From Tea Cooking to Tea Entertaiment

Nowadays, green tea-flavored sweets are everywhere. What about green tea dishes?
Even in Japan, it is not that common other than tea-producing areas.

I joined a tea cooking class held in one of the tea places, Ujitawara town in Kyoto.
These are what we cooked and ate.

*Tea-flavored mushed potato’s deep fried chicken roll
*Chawanmushi (literally "tea cup steam" ) is an egg custard dish with tea thick sauce
*Tea furikake (rice seasoning sprinkled on a bowl of rice)

*Fish carpaccio with tea flavored sauce

*Matcha affogato

Even the vegetable we used are grown the town. I feel like I had full of “Ujitawara”.
After that, we went the local tea farms, which was a nice walk after a big meal.

Before I forget, I would like  to mention this. One of stuff members showed us “tea juggling” not cocktail juggling. You might say "What is that!!??" I couldn’t take a movie long enough, but why don't you click it?


And these are teas what he made! Surprisingly....they were good.

We enjoyed Ujitawara tea from food to entertainment :-)


Japanes Tea Day this and that

There seem to be two different “Nihoncha no hi”, the day of Japanese tea. One is October 1, the other one is October 31. 

The former is decided by ITO EN, LTD to commemorate Grand Kitano Tea Ceremony held by Toyotomi Hideyoshi, a warrior commander, on October 1, 1587. 

The latter is set by a Japanese tea institution. It is believed that Yosai (or Eisai), a Buddhist priest, brought back some tea seeds and its manufacturing process from Sung to Japan for the first time on the day in 1192.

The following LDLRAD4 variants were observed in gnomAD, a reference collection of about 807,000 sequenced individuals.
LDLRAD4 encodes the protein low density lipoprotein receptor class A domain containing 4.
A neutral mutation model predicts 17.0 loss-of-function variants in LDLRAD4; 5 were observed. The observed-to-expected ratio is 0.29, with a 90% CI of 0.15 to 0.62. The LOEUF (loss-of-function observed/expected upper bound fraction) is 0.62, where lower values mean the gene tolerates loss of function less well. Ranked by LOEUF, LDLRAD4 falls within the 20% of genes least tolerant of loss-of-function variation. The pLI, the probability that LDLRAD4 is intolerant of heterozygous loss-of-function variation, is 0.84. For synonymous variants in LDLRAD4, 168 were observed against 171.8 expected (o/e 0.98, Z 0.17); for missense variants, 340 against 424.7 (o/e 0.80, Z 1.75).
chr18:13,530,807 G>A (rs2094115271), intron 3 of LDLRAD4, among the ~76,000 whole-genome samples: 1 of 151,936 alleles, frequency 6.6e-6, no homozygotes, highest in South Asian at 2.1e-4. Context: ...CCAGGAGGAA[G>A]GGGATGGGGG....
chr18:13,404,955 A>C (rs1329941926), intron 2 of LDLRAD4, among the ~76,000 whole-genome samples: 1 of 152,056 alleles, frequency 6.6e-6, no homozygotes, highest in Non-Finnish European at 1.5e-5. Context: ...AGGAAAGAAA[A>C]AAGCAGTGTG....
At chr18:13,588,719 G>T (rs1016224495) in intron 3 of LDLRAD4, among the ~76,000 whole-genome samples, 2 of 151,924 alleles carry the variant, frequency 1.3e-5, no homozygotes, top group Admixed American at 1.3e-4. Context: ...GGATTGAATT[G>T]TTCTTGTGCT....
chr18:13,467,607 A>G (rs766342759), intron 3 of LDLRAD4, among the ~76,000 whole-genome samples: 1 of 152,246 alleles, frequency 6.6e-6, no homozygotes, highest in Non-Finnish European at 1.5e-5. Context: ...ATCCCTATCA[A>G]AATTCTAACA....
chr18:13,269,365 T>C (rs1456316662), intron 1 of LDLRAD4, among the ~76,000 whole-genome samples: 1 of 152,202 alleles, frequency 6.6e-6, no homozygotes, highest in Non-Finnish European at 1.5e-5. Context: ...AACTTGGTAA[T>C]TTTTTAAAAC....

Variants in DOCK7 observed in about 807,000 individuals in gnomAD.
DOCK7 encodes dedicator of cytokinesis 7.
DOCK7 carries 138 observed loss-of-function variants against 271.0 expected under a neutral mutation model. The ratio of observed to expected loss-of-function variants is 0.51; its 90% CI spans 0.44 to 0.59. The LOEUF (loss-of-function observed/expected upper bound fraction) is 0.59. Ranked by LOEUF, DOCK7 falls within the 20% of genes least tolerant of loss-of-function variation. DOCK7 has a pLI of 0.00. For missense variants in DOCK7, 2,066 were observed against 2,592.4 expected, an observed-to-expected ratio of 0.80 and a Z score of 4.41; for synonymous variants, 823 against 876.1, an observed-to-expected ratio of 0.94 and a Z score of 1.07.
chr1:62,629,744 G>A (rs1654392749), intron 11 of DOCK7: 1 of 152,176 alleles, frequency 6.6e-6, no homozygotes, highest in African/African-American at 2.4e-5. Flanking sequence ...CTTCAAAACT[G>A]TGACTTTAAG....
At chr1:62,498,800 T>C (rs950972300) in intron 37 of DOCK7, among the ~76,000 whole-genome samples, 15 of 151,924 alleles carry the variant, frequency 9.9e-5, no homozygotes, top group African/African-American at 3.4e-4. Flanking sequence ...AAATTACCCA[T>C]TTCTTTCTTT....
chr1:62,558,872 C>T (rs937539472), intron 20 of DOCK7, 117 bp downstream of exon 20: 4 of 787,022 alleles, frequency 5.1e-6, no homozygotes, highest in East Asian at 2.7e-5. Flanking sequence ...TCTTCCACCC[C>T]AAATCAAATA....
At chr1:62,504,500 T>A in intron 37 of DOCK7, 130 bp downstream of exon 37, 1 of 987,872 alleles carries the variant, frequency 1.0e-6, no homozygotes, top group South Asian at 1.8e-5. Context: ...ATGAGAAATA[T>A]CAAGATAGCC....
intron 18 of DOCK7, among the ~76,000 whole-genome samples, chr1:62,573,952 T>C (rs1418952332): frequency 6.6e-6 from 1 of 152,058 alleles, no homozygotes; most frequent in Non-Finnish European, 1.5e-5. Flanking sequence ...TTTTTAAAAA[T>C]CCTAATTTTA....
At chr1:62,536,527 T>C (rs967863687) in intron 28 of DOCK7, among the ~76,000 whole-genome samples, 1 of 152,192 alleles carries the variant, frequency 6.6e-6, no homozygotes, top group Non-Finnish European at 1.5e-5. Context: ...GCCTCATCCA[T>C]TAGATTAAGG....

Interestingly, I’ve found other tea days. According to my research, "Matcha no hi (Matcha day)" is February 6, and "Genmaicha no hi (Genmaicha day)" is November 1. I didn’t know that, ha, ha. 

Each institution and company has its own good excuse to promote tea. Hope it works!!

Toyotomi Hideyoshi -Wikipedia-


Not Thin, Crispy and Toasted "English Toast"

When I hear “English toast”, it reminds me of thin and crispy toast. Marmalade is spread on toast and have it with a nice cup of tea for breakfast in the UK. Sounds very English morning to me.

photo by KUDOPAN
“English toast” in Japan seems to be different. Actually, I didn’t know it and I have never tried it. It is a local product, by KUDOPAN Co.,Ltd, particular to Aomori prefecture in Japan. I heard it's so popular among people in Aomori, the northernmost prefecture on the main island. As I mentioned, I didn't know it, but everyone there knows it. 

What is it like? Even if I haven’t tasted it, I can easily image the taste because it’s a sandwich with spread margarine and sprinkled granulated sugar, and not toasted. In Japan, round top bread is called “English sliced bread”. Since this type of bread is used for the products, it’s called “English toast.” I still don’t know why it says “toast” though.

Everyone but people in Aomori may think, “It’s so simple. I can make it at home!!”, but they say “No…., it won’t be the same. The balance between margarine and sugar is just right!” 
Sounds like it's  their "comfort food" or "soul food". The prefecture is far from my place, but if they insist…I have to try when I have a chance.

BTW, the Union Jack is on the package. Is that OK??? Don’t worry. The company has obtained permission of the British Embassy. :-)